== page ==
McQuarrie continued to work on Adam's designs, and finally came up with one of his own. McQuarrie's final design reflected his soon-to-be-seminal design for the Star Destroyer in Star Wars. Instead of Adam's flat hull, McQuarrie's engineering hull was diamond-shaped in cross-section -- higher in the middle, tapering almost to nothing on the edges. He slung the impulse engines below the engineering hull in a long box. These engines jutted out behind the ship, their top serving as a kind of receiving flight-deck for the shuttle bay. His warp nacelles were small; oddly, they looked much like the Romulan nacelles designed by Wah Chang for Star Trek: The Original Series.



Two "study models" of the McQuarrie design were then constructed. They are quite similar to one another, with one having a very elongated engineering section and short, upright nacelle pylons, and the other having a short engineering section and raked-forward and much longer nacelle pylons.




* * * * * *


It was all moot, because Planet of the Titans was cancelled just three months after it was greenlit. Although Roddenberry wanted to use McQuarrie's design, he jettisoned it in June 1977 when Paramount green-lit the TV series, Star Trek: Phase II. The concept behind Phase II was to return to the simpler era of the original television show. That meant no radical ship redesign. Roddenberry commissioned the original designer of the Enterprise, Matt Jeffries, to update the ship. This redesign would die when Phase II was cancelled in August 1977 in favor of Star Trek: The Motion Picture. Motion picture art director Richard Taylor used Jeffries' design and refined the nacelles. Concept artist Andrew Probert refined the rest of the ship redesign.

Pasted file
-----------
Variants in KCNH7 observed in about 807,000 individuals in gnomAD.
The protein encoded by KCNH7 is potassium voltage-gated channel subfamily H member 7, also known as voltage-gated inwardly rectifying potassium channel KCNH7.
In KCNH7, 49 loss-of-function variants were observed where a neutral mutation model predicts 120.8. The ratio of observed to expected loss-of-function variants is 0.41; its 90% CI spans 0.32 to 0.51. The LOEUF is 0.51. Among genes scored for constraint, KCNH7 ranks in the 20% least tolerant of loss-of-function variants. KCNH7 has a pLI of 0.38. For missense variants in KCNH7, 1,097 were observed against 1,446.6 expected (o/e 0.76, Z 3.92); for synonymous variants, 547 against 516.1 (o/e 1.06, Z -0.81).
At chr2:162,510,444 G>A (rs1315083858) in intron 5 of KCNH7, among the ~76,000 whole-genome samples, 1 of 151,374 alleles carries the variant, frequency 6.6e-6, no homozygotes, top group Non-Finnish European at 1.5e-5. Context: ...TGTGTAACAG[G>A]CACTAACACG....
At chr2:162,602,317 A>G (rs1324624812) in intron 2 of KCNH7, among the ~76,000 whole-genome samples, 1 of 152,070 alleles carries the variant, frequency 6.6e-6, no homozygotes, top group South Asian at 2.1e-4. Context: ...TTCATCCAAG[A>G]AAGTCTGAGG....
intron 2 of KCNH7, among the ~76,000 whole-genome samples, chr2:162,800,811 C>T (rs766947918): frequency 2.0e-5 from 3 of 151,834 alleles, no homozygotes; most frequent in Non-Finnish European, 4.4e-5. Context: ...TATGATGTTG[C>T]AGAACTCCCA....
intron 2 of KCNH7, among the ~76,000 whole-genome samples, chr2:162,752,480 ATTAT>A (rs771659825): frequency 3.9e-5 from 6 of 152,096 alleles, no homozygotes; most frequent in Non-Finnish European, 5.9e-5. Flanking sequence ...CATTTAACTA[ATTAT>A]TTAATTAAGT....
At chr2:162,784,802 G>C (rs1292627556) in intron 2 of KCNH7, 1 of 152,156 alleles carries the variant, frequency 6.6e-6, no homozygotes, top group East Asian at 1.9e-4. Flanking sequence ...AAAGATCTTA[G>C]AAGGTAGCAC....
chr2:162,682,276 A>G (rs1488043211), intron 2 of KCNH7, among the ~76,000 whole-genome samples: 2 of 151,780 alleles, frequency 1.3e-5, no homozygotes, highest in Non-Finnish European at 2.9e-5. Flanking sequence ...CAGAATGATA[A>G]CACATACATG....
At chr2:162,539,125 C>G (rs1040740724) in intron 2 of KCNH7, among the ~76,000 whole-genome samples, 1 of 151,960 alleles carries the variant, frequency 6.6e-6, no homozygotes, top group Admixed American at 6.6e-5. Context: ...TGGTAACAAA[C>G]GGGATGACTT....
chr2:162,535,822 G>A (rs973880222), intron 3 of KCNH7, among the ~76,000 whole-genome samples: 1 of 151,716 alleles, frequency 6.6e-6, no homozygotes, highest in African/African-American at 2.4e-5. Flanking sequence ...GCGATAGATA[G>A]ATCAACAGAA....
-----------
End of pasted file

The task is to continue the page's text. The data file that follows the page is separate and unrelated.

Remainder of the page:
McQuarrie's flat-hull Enterprise can be seen in the spacedock in Star Trek III: The Search for Spock. All you can see of it is the back half, but it appears to be the long-engineering hull version. Allegedly, this is one of the study models created in 1975, but this has yet to be proved.



It's alleged that McQurrie's flat-hulled Enterprise design was seen in in the Wolf 359 battle scene in the Star Trek: The Next Generation episode "The Best of Both Worlds", but it has never been identified. The short-hulled study model does, however, appear the episode "Unification", and production personnel have verified that this is the 1975 study model.



The asteroid spacedock later showed up as a Tholian spacedock in the Star Trek: Enterprise episode "In a Mirror, Darkly".

Short, compact blond. With a barrel-like torso, generously endowed package much too large for his body, and a large, pudgy nose that renders him less beautiful than you'd expect -- and therefore more desirable.


July 30, 1975 – United Brotherhood of Teamsters president Jimmy Hoffa disappears from the parking lot of the Machus Red Fox restaurant in Bloomfield Hills, Michigan, near Detroit, at about 2:30 PM. He is never seen or heard from again.







I refuse to post these to the front page of Wikipedia any more. But I will post them here. The article I wrote or assisted with is in bold.
Did You Know ... Washington, D.C., resident John Adlum was a pioneering American viticulturalist was the first to cultivate the Catawba grape -- which led him to be called "the father of American viticulture" (grape-growing)?
I like this sort of 1970s retro look. The post-industrial/faux French countryside door doesn't work for me here, because it's so obviously fake.  But the rest is erotic. (Even if the guy has small genitals.)